• Many patients with depression don't respond to common antidepressants
  • Researchers looked at the potential of laughing gas as a treatment
  • Inhaling 25% nitrous oxide proved to be effective in improving patients' symptoms
  • It had "comparable efficacy" to the 50% treatment but with fewer side effects

Many people may know nitrous oxide or laughing gas from when it's given during medical procedures to help manage their pain. New research found that it may also be an effective treatment for depression.

The researchers expanded their previous work, in which they found that inhaling 50% nitrous oxide for an hour was effective in rapidly improving 20 patients' depression symptoms for "at least 24 hours," the University of Chicago Medical Center (UChicago Medicine) noted in a news release. However, some of the patients experienced unpleasant side effects, including vomiting, nausea and headache.

Wondering if their previous dosage may have been too high, the researchers reduced the dosage for their new study, published in the journal Science Translational Medicine. The researchers conducted the inhalation sessions again. But this time, they randomly assigned the participants to either a 50%, 25% or placebo hour-long inhalation session.

'A very cool finding'

Amazingly, the researchers found that the 25% nitrous oxide treatment had "comparable efficacy" to the 50% treatment, but with a "markedly lower rate" of side effects.

The researchers also investigated the effects of nitrous oxide on the patients for a longer period of time after the sessions than before, observing them for over two weeks post-treatment instead of just 24 hours.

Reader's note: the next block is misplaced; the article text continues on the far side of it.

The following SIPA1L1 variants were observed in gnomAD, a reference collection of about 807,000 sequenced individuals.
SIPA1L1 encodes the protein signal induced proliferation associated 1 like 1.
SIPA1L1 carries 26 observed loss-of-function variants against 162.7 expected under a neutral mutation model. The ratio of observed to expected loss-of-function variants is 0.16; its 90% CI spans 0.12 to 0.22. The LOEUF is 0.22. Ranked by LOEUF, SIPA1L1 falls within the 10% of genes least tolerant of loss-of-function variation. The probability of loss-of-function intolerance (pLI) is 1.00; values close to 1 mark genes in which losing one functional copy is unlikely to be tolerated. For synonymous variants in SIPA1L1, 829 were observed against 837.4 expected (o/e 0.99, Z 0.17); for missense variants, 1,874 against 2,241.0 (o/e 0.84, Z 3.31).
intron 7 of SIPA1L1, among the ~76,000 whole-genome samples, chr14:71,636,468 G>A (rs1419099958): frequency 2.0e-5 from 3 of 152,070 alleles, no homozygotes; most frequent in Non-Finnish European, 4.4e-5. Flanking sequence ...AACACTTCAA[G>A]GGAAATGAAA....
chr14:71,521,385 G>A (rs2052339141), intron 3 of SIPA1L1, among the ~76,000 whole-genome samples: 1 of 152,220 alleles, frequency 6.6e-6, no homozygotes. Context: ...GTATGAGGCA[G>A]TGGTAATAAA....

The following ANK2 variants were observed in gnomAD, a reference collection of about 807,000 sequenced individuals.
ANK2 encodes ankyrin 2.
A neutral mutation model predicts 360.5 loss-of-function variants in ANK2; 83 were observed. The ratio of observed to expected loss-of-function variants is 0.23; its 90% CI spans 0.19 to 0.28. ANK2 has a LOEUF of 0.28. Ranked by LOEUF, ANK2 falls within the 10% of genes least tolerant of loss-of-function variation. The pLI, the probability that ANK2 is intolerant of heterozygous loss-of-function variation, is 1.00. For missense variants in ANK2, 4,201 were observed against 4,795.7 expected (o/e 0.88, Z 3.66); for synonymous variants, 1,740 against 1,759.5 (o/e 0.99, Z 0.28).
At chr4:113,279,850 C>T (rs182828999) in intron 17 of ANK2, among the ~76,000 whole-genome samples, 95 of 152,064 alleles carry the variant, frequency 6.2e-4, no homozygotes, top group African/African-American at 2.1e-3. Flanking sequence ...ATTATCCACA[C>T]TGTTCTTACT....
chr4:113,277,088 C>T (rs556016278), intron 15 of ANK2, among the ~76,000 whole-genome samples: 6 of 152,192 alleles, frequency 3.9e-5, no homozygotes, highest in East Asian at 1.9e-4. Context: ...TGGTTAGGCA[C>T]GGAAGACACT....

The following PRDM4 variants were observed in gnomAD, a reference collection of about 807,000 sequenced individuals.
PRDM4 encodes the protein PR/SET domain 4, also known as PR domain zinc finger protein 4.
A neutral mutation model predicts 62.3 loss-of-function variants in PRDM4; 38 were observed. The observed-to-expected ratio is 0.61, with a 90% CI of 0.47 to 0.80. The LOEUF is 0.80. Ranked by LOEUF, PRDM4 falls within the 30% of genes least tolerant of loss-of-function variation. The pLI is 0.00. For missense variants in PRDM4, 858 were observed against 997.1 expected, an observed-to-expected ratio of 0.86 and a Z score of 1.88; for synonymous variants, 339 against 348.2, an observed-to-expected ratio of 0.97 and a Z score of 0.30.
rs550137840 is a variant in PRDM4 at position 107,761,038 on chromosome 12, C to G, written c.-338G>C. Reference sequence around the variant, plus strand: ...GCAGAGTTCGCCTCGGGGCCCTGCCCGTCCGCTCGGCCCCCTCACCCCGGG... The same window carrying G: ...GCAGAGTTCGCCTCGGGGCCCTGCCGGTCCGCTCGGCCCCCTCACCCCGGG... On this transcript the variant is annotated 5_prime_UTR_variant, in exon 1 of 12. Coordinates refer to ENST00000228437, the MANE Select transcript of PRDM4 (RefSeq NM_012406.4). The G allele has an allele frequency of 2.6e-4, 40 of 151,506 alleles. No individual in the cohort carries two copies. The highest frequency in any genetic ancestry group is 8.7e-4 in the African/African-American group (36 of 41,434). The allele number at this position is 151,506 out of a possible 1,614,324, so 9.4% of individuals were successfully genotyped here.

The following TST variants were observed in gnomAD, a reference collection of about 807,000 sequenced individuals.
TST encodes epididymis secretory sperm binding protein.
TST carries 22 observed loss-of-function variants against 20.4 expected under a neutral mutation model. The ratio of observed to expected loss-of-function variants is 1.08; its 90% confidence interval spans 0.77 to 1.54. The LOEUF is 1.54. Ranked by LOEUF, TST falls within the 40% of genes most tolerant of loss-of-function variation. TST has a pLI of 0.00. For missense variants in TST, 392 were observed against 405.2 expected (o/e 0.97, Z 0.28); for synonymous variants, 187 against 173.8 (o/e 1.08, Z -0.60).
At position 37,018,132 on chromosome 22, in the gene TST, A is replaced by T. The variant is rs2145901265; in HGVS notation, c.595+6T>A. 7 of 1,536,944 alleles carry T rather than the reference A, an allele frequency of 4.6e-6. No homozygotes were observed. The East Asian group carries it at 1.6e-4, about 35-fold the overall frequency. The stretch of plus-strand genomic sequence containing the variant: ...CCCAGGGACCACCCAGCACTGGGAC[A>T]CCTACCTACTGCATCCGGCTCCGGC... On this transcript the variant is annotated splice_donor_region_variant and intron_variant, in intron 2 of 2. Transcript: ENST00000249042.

After just one administration of the gas, some of the patients' conditions improved for the entire two-week evaluation period.

"The reduction in side effects was unexpected and quite drastic, but even more excitingly, the effects after a single administration lasted for a whole two weeks," Peter Nagele M.D., study co-author and the Chair of Anesthesia and Critical Care at UChicago Medicine, said in the news release. "This has never been shown before. It's a very cool finding."

The researchers' work provides promising results that show nitrous oxide's potential as an effective treatment for people who do not respond to common antidepressants. According to the researchers, about one-third of people with depression are at risk for treatment resistance.

What's more, since the effects are quite rapid, nitrous oxide could also be a good option for patients "in crisis," UChicago Medicine said.

'Non-traditional' depression treatments

So far, the Food and Drug Administration has approved ketamine nasal spray for treatment-resistant depression. In fact, the researchers' work was "motivated" by the research on ketamine and depression, the UChicago Medicine quoted Nagele.

Other studies have also been looking into "non-traditional" depression treatments. For instance, a study on "magic mushrooms" published just this April found that it can actually be just as effective as common antidepressants.

The current study presents another non-traditional option that may help millions of people living with depression.

"These have just been pilot studies," Nagele said. "But we need acceptance by the larger medical community for this to become a treatment that's actually available to patients in the real world."

Depression Pictured: Representative image. Photo: Holger Langmaier - Pixabay